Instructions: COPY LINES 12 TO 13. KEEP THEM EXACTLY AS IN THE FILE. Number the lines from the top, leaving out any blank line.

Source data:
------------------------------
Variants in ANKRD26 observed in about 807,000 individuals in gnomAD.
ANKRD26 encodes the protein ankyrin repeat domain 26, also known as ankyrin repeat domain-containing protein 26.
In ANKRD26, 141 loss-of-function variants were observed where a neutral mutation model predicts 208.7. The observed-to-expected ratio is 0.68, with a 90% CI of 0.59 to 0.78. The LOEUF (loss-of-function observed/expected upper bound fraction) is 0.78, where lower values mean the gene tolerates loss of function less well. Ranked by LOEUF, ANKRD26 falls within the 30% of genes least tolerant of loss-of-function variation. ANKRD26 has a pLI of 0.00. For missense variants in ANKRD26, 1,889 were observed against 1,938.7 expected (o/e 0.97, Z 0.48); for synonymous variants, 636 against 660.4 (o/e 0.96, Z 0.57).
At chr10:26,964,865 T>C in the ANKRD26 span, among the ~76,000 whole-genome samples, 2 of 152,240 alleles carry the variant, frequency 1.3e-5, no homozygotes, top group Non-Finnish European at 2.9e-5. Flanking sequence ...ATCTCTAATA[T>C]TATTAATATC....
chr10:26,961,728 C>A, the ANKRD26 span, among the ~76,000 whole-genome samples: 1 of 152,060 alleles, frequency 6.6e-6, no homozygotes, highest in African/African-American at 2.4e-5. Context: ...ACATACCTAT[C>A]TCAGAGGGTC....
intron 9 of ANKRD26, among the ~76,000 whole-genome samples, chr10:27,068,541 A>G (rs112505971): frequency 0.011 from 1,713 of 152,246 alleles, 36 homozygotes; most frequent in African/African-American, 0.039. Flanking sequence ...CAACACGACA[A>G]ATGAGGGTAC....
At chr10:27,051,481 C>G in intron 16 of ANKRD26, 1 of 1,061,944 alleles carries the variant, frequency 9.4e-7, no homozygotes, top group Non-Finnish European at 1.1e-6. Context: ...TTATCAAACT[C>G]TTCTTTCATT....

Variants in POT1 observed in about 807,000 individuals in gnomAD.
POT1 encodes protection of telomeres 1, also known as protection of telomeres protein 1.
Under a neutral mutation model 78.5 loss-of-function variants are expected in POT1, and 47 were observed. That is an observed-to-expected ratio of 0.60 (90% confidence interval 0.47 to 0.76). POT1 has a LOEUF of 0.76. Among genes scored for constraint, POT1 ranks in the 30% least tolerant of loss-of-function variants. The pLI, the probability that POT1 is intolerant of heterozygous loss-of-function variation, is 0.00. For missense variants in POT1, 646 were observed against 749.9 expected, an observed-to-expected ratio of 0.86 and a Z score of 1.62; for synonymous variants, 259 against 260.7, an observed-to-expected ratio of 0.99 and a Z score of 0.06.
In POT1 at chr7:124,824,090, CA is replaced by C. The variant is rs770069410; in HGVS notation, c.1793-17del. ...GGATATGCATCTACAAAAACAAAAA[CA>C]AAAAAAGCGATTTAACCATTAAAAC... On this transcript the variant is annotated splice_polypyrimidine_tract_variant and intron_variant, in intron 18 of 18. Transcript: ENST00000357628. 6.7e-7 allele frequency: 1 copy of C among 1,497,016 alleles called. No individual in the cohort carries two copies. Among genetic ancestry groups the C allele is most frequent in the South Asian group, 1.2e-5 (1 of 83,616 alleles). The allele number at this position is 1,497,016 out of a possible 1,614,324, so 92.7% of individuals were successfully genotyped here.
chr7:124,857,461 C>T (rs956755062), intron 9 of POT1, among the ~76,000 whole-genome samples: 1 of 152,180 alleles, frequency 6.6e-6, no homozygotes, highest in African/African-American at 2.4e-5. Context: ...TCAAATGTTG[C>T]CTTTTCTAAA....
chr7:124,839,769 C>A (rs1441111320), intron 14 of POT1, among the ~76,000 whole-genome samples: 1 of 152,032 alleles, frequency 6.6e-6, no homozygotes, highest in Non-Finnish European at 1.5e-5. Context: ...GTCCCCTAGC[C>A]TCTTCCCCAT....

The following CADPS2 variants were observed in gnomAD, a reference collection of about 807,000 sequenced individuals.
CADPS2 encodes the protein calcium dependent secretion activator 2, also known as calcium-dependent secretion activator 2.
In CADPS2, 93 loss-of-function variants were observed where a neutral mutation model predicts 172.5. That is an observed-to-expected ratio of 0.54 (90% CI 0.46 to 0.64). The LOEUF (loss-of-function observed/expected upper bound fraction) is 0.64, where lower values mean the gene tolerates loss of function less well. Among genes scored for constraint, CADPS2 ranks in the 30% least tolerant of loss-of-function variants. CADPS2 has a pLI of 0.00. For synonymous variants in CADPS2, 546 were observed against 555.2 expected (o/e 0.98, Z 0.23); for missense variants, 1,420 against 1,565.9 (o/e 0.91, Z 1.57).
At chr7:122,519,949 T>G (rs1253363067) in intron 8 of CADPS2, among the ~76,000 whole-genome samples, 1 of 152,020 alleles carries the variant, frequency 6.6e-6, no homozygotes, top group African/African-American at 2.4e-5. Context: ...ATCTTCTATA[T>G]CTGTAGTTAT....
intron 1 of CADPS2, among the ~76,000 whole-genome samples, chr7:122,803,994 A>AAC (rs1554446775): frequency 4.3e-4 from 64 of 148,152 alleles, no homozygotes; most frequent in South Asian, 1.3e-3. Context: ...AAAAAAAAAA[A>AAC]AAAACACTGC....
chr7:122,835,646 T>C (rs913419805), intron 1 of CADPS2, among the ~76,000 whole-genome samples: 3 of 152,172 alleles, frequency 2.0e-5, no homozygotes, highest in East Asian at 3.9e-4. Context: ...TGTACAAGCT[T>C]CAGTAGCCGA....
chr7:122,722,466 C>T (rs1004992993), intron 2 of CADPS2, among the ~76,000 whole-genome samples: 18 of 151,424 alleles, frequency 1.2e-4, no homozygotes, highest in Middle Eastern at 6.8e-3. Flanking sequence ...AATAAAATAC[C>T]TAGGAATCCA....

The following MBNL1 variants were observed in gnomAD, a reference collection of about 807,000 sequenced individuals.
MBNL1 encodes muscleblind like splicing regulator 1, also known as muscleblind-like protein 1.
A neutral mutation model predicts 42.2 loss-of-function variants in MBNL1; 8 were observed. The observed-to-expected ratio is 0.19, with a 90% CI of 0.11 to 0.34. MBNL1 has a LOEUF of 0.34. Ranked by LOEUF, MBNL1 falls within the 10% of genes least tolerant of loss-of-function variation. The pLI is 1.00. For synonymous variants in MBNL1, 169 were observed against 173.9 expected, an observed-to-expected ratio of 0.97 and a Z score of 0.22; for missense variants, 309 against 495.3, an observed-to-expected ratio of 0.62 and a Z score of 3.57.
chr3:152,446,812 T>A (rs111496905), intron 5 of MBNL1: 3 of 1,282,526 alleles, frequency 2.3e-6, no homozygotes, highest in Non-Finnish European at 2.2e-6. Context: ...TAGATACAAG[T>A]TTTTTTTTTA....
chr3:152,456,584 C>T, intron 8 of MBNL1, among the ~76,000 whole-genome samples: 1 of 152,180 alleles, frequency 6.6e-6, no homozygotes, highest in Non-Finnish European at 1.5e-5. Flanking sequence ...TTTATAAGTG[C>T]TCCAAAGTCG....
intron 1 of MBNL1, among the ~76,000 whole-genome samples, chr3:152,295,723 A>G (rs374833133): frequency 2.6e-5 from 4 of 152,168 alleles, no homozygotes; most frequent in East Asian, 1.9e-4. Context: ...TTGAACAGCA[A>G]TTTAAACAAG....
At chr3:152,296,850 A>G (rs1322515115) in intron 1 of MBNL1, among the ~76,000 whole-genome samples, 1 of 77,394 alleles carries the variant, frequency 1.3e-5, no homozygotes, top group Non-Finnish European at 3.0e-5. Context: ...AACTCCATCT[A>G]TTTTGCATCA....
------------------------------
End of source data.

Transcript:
chr7:124,857,461 C>T (rs956755062), intron 9 of POT1, among the ~76,000 whole-genome samples: 1 of 152,180 alleles, frequency 6.6e-6, no homozygotes, highest in African/African-American at 2.4e-5. Context: ...TCAAATGTTG[C>T]CTTTTCTAAA....
chr7:124,839,769 C>A (rs1441111320), intron 14 of POT1, among the ~76,000 whole-genome samples: 1 of 152,032 alleles, frequency 6.6e-6, no homozygotes, highest in Non-Finnish European at 1.5e-5. Context: ...GTCCCCTAGC[C>A]TCTTCCCCAT....